The soul thus reconciled is naturally led to seek increase [49/50] of spiritual life and grace in the other sacramental gifts of the Church. The Classes for Confirmation, which generally continue for three or four months of every year, previous to the opportunities afforded for Confirmation in neighbouring Churches, are most useful in giving occasion for closer spiritual intercourse, in supplying to both old and young that instruction in the Faith which has been so generally neglected, and in gradually cherishing the devotion and earnestness which may best fit the candidate for the reception of God's Holy Spirit These classes have been a most interesting part of our work. We have generally presented about fifty candidates every year to the Bishop, who have commonly become Communicants; and though some may have fallen away, or been lost sight of by their removal from the district, yet the present body of Communicants chiefly consists of those who have been prepared here for their Confirmation and First Communion. Very many of the Confirmed have been persons of riper years; some in old age, who, either through neglect, ignorance, or schismatic teaching, having passed by earlier opportunities, have now for the first time learnt to value this Sacramental Bile both for its own sake and as a step to Holy Communion. Some also have been quite young, under the usual age, and it [50/51] is a great comfort to see these young Communicants, brought up from their earliest age in the true Faith, and imbibing from the first a deep reverence and love for the Blessed Sacrament, in the freshness of their innocence giving their hearts to God, and walking in His holy ways.
The Classes for Confirmation naturally commence, and according to the time afforded carry on, instruction for the Holy Communion. To this end much care and attention are expended, and Communicant Classes are continued throughout the greater part of the year. They give opportunity for frequent personal intercourse, for helping those who are unable to read much themselves in their devotional preparation, and for drawing out in full detail the manifold blessings and graces which flow from the Blessed Sacrament of the Altar. Thus, while the Holy Communion is made the central Act of Worship, while all are taught to regard it as the most necessary and important part of their religious privileges and duties, there is the less fear that with these various safeguards of discipline and instruction, they should approach the Holy Altar unworthily. They are exhorted indeed much and frequently on the duty of Sacramental Communion, but it is rather that they should at once prepare themselves with the help of the [51/52] Classes, and the instruction of the Clergy, than that they should presume to come untaught or unprepared to so holy a Sacrament.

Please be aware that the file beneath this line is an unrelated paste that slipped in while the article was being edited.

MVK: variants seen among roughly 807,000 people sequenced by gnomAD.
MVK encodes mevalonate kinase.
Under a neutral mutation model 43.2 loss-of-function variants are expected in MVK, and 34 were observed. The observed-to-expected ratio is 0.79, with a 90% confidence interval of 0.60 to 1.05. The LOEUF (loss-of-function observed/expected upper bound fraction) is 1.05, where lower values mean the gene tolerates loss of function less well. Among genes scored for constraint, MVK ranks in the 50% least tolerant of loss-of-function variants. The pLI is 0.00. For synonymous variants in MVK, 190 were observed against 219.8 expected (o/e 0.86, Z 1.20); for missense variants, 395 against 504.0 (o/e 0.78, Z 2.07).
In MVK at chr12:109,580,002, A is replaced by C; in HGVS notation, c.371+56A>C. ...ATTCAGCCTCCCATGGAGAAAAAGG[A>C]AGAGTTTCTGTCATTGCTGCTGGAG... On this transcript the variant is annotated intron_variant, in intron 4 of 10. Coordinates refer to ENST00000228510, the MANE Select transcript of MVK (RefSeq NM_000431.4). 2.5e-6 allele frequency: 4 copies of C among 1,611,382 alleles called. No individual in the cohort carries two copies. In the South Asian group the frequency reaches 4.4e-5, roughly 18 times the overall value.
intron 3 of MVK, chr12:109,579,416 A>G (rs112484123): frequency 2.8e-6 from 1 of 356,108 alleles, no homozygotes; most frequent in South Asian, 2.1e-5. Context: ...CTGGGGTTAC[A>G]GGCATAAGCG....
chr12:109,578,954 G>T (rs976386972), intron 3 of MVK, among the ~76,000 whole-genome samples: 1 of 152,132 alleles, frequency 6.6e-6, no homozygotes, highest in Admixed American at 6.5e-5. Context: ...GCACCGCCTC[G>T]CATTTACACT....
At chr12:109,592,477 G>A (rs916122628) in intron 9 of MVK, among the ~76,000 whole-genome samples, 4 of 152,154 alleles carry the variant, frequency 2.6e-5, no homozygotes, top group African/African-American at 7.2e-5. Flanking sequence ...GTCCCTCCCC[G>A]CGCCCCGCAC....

If it be asked, as it is by some, Why the Holy Communion is made the great central Act of Worship? the answer is that it is the one great service ordained by Jesus Christ Himself--"This do"--the Liturgy of the Church; that it is a commemorative Sacrifice, the great means of showing forth that which it most concerns us to show forth as the means of our salvation, the Death of our Lord and Saviour Jesus Christ; that it is the Communion, or communication, of the inestimable blessings which are derived from the Incarnation, Passion, Death, Resurrection, and Ascension of our Blessed Loed.
That which we teach in sermons and other instructions we endeavour to carry out in the ritual and daily practice of the Church. In the Chapel of the Good Shepherd, where the near residence of the Sisterhood supplied Communicants, we had the privilege of a daily Celebration. In the other Chapel we always had three in the week, and after the outbreak of Cholera daily Celebrations. The ritual was, from our slender resources, of a humble character, when compared with that of other Churches where Catholic practices prevail; and [52/53] yet our object was to make it, whether choral or plain, of as solemn and devotional a type as possible, that our people might learn, not only by oral instruction, but from all the outward associations of this solemn service, to worship their Blessed Lord present in His own appointed Sacrament with reverence and devotion, and to communicate at this Heavenly Feast with recollection and earnestness.
From the frequency of the Celebrations it is of course necessary to give some special advice as to frequency of communion. Communicants are always encouraged to be present as often as possible at the Holy Sacrifice, and always on Sundays and Festivals, but we do not recommend them at first to receive more frequently than once a month and on great Festivals, trusting that by God's grace they will be gradually led to seek their Lord more and more constantly in this Blessed Sacrament.
In order to kindle devotion and cultivate a spirit of self-recollection, especially among the less educated worshippers, we have adopted the practice of common meditations on the chief mysteries of the Faith; lessons as it were on meditation, and providing food for their aouls in the service of the Church. Such common meditations are especially of use in seasons like Lent [53/54] or Advent; in Passion or Holy Week they are more frequent, and longer ones are used on Good Friday. During Advent and Lent, instructions of a familiar kind are given in Church after the service or sermon. These generally form a course, such as on the Incarnation, Confession, &c.